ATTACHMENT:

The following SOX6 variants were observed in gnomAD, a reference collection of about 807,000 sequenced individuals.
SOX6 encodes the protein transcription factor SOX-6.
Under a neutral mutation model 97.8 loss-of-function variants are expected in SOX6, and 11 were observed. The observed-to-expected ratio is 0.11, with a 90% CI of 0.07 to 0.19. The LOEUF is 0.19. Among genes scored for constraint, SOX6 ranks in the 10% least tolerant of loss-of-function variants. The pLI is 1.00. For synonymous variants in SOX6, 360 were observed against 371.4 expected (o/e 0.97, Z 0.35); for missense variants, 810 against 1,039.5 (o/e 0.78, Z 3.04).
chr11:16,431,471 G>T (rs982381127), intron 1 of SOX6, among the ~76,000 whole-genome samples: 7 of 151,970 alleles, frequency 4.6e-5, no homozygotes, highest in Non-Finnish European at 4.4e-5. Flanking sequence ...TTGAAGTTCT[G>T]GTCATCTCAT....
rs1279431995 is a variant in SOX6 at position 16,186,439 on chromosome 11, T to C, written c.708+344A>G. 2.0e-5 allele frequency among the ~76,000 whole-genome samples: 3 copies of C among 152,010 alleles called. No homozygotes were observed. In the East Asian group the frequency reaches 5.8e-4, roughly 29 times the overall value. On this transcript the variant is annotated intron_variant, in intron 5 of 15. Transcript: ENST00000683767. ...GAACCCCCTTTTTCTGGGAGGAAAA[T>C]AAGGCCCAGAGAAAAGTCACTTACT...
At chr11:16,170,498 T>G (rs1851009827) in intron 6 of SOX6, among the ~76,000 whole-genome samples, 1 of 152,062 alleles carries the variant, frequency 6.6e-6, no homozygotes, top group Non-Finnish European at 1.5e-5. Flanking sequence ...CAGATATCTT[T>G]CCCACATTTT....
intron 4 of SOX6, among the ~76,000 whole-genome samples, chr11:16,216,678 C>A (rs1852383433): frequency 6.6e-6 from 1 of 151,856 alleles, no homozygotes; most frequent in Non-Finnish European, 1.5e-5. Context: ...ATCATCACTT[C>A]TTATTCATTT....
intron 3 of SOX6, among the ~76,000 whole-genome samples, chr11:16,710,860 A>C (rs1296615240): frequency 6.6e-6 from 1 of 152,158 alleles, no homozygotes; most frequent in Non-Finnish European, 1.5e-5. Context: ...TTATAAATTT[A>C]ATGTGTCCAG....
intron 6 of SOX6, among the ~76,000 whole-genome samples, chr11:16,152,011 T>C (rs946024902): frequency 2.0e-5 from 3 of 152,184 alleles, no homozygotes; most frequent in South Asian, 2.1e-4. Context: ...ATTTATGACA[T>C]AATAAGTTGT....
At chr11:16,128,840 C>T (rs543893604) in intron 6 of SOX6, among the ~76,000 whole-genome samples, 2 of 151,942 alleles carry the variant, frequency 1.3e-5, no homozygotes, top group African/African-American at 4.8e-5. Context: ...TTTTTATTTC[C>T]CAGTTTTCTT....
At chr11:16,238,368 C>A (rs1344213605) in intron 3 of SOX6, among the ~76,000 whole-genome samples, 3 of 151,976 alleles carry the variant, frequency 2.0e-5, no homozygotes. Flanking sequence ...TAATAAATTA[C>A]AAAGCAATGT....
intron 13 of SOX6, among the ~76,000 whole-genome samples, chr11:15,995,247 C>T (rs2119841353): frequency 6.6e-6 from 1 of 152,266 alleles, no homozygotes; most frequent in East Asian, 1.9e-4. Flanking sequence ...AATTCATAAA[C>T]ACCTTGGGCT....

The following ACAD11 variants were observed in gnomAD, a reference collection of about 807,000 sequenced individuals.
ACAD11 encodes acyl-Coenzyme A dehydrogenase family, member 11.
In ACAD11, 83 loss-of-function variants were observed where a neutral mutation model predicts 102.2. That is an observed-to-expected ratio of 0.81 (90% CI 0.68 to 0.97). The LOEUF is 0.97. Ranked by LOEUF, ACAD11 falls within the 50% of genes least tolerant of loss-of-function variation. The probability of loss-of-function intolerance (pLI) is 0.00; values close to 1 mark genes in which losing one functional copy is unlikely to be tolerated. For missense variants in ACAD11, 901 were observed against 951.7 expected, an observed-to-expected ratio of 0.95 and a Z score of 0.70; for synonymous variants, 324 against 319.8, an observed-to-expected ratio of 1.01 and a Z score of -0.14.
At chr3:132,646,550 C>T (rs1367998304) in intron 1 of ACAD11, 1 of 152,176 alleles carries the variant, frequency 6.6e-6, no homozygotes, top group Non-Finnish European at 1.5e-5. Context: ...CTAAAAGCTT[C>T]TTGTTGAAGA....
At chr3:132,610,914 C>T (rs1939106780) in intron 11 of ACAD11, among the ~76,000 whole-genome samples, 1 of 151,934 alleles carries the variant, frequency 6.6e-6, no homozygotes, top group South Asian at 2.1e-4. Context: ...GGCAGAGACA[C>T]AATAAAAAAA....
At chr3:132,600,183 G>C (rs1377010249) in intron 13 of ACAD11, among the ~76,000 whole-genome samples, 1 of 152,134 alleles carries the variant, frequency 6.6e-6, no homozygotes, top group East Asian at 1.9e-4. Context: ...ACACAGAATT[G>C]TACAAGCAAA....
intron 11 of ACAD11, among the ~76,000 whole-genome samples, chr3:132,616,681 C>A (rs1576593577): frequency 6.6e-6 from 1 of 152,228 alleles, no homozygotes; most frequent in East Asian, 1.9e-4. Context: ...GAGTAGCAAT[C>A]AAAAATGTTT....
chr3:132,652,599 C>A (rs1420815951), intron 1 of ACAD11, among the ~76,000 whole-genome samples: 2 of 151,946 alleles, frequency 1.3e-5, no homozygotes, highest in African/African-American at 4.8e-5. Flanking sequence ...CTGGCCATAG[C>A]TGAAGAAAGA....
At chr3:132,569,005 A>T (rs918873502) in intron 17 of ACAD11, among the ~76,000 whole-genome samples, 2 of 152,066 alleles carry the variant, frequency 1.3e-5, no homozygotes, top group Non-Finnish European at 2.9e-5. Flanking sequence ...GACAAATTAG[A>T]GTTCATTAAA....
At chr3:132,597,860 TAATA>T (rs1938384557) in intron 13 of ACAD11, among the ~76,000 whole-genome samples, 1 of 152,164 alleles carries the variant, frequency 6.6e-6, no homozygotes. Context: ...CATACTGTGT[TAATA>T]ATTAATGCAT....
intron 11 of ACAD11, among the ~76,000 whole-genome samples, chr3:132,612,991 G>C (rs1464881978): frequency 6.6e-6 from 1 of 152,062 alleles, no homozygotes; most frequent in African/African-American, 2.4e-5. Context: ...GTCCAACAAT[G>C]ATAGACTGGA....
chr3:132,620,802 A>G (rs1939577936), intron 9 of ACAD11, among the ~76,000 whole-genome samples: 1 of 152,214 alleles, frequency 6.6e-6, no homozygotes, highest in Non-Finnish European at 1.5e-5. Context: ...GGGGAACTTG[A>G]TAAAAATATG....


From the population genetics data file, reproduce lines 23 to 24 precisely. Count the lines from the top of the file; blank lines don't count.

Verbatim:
intron 11 of ACAD11, among the ~76,000 whole-genome samples, chr3:132,612,991 G>C (rs1464881978): frequency 6.6e-6 from 1 of 152,062 alleles, no homozygotes; most frequent in African/African-American, 2.4e-5. Context: ...GTCCAACAAT[G>C]ATAGACTGGA....
chr3:132,620,802 A>G (rs1939577936), intron 9 of ACAD11, among the ~76,000 whole-genome samples: 1 of 152,214 alleles, frequency 6.6e-6, no homozygotes, highest in Non-Finnish European at 1.5e-5. Context: ...GGGGAACTTG[A>G]TAAAAATATG....